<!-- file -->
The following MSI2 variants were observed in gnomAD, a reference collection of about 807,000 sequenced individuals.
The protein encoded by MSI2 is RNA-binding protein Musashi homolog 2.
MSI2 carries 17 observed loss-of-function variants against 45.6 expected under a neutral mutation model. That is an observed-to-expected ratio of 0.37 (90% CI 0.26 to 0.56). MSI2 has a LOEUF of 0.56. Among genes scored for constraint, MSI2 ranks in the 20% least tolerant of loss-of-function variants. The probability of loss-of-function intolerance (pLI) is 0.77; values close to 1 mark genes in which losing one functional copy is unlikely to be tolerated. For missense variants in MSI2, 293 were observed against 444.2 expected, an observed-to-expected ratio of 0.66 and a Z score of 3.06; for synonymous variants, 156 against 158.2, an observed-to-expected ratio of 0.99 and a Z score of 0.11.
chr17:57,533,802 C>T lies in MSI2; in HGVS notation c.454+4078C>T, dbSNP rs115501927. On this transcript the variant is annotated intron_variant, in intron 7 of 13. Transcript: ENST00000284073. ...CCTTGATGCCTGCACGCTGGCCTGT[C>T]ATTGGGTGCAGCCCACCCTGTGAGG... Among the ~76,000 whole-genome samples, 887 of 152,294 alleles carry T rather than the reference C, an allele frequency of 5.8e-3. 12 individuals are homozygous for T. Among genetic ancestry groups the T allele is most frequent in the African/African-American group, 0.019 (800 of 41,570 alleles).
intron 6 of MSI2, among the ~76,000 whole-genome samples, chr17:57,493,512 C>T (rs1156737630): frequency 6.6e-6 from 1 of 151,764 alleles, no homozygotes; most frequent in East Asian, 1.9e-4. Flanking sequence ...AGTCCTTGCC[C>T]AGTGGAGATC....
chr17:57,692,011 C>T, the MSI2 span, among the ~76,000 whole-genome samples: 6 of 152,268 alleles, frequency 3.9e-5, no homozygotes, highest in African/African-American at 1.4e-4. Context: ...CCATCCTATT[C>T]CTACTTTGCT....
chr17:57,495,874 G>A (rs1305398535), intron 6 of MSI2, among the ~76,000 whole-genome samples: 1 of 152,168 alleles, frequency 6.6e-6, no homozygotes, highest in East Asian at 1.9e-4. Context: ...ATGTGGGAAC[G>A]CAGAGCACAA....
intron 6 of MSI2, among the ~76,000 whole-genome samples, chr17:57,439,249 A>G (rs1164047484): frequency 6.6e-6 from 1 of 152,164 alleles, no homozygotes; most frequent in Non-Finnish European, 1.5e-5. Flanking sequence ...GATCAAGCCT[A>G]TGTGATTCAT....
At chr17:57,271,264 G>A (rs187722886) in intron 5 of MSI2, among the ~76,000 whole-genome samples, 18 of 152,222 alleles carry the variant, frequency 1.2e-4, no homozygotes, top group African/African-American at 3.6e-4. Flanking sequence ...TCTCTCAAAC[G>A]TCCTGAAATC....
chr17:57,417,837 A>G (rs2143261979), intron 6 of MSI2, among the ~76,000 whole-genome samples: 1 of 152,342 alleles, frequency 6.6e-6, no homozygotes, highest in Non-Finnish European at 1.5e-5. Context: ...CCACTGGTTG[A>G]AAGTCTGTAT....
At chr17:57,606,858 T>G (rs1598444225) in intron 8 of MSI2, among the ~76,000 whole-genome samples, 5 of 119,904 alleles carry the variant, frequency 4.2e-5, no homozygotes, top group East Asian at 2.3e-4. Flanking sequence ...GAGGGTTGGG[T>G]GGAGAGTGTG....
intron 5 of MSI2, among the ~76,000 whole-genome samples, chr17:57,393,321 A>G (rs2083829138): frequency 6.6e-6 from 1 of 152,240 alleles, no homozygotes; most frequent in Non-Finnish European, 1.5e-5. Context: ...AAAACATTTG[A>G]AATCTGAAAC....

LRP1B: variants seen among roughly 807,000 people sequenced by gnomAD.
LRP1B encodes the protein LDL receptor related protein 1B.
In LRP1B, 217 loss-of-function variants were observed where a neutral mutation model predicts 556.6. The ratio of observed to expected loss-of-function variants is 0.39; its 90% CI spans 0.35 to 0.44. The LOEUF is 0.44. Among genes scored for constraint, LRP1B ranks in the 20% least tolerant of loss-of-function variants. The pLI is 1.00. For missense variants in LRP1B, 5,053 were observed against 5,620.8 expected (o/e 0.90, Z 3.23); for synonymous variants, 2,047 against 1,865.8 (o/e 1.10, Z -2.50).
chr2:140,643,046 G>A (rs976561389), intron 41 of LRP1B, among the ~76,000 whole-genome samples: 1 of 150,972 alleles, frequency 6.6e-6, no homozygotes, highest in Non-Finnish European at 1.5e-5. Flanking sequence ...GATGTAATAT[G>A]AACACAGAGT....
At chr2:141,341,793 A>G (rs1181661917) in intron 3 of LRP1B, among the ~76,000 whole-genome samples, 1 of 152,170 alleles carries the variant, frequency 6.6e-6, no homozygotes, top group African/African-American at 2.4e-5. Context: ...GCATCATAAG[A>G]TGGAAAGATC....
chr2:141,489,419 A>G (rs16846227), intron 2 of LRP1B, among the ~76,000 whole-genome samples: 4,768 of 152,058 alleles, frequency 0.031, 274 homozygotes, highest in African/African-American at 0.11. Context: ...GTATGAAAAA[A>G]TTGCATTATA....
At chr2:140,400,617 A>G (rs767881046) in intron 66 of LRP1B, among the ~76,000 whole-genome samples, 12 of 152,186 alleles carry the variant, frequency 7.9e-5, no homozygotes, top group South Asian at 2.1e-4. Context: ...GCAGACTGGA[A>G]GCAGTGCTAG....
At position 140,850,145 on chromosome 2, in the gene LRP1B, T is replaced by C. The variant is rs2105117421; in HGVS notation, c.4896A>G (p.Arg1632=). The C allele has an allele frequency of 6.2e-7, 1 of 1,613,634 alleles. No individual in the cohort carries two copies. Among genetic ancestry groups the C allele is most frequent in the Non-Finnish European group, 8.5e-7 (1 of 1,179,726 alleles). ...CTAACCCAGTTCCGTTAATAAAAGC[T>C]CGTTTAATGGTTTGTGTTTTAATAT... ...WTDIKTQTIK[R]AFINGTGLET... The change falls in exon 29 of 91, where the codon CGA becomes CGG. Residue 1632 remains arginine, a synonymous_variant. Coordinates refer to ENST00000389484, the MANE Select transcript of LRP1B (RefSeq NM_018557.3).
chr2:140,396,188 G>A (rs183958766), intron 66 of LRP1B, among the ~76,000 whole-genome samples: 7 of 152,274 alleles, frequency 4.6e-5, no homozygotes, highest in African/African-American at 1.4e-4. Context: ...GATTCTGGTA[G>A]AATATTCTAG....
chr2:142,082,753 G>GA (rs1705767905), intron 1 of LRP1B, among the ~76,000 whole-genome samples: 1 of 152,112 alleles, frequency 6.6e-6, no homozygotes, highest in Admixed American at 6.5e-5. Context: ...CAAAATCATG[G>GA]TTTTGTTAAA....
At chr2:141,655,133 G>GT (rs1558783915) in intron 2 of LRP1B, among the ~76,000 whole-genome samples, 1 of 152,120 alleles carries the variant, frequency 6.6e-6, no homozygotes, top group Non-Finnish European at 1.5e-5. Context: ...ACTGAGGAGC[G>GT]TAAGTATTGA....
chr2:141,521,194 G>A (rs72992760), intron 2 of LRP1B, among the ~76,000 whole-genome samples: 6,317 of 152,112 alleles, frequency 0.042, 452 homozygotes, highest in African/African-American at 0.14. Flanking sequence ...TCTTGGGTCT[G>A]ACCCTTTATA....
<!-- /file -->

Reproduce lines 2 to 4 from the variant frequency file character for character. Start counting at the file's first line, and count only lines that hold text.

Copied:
The protein encoded by MSI2 is RNA-binding protein Musashi homolog 2.
MSI2 carries 17 observed loss-of-function variants against 45.6 expected under a neutral mutation model. That is an observed-to-expected ratio of 0.37 (90% CI 0.26 to 0.56). MSI2 has a LOEUF of 0.56. Among genes scored for constraint, MSI2 ranks in the 20% least tolerant of loss-of-function variants. The probability of loss-of-function intolerance (pLI) is 0.77; values close to 1 mark genes in which losing one functional copy is unlikely to be tolerated. For missense variants in MSI2, 293 were observed against 444.2 expected, an observed-to-expected ratio of 0.66 and a Z score of 3.06; for synonymous variants, 156 against 158.2, an observed-to-expected ratio of 0.99 and a Z score of 0.11.
chr17:57,533,802 C>T lies in MSI2; in HGVS notation c.454+4078C>T, dbSNP rs115501927. On this transcript the variant is annotated intron_variant, in intron 7 of 13. Transcript: ENST00000284073. ...CCTTGATGCCTGCACGCTGGCCTGT[C>T]ATTGGGTGCAGCCCACCCTGTGAGG... Among the ~76,000 whole-genome samples, 887 of 152,294 alleles carry T rather than the reference C, an allele frequency of 5.8e-3. 12 individuals are homozygous for T. Among genetic ancestry groups the T allele is most frequent in the African/African-American group, 0.019 (800 of 41,570 alleles).